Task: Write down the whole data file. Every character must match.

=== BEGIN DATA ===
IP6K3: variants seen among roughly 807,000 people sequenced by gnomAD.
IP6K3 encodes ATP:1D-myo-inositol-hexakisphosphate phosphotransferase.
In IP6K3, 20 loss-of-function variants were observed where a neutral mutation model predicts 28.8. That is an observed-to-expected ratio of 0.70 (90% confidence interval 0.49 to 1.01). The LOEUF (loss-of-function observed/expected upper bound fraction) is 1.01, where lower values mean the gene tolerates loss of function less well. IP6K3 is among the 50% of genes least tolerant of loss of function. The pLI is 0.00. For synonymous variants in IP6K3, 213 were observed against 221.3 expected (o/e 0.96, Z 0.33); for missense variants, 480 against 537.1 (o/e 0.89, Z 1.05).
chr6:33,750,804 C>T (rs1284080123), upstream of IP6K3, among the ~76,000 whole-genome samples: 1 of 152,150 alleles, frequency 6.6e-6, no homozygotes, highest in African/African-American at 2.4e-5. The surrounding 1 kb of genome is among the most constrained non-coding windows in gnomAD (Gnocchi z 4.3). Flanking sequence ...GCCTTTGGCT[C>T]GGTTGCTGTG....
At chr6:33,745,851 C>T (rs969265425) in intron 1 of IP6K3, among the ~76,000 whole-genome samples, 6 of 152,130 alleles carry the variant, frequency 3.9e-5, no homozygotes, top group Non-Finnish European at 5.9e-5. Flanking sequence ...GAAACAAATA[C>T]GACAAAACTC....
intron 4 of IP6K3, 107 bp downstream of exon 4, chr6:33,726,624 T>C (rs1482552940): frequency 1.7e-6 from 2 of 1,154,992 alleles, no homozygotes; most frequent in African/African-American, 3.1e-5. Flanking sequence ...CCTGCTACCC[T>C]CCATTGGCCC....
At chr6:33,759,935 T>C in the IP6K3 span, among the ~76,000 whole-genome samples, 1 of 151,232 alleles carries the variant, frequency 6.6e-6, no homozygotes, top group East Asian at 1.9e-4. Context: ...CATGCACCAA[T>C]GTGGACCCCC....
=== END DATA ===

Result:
IP6K3: variants seen among roughly 807,000 people sequenced by gnomAD.
IP6K3 encodes ATP:1D-myo-inositol-hexakisphosphate phosphotransferase.
In IP6K3, 20 loss-of-function variants were observed where a neutral mutation model predicts 28.8. That is an observed-to-expected ratio of 0.70 (90% confidence interval 0.49 to 1.01). The LOEUF (loss-of-function observed/expected upper bound fraction) is 1.01, where lower values mean the gene tolerates loss of function less well. IP6K3 is among the 50% of genes least tolerant of loss of function. The pLI is 0.00. For synonymous variants in IP6K3, 213 were observed against 221.3 expected (o/e 0.96, Z 0.33); for missense variants, 480 against 537.1 (o/e 0.89, Z 1.05).
chr6:33,750,804 C>T (rs1284080123), upstream of IP6K3, among the ~76,000 whole-genome samples: 1 of 152,150 alleles, frequency 6.6e-6, no homozygotes, highest in African/African-American at 2.4e-5. The surrounding 1 kb of genome is among the most constrained non-coding windows in gnomAD (Gnocchi z 4.3). Flanking sequence ...GCCTTTGGCT[C>T]GGTTGCTGTG....
At chr6:33,745,851 C>T (rs969265425) in intron 1 of IP6K3, among the ~76,000 whole-genome samples, 6 of 152,130 alleles carry the variant, frequency 3.9e-5, no homozygotes, top group Non-Finnish European at 5.9e-5. Flanking sequence ...GAAACAAATA[C>T]GACAAAACTC....
intron 4 of IP6K3, 107 bp downstream of exon 4, chr6:33,726,624 T>C (rs1482552940): frequency 1.7e-6 from 2 of 1,154,992 alleles, no homozygotes; most frequent in African/African-American, 3.1e-5. Flanking sequence ...CCTGCTACCC[T>C]CCATTGGCCC....
At chr6:33,759,935 T>C in the IP6K3 span, among the ~76,000 whole-genome samples, 1 of 151,232 alleles carries the variant, frequency 6.6e-6, no homozygotes, top group East Asian at 1.9e-4. Context: ...CATGCACCAA[T>C]GTGGACCCCC....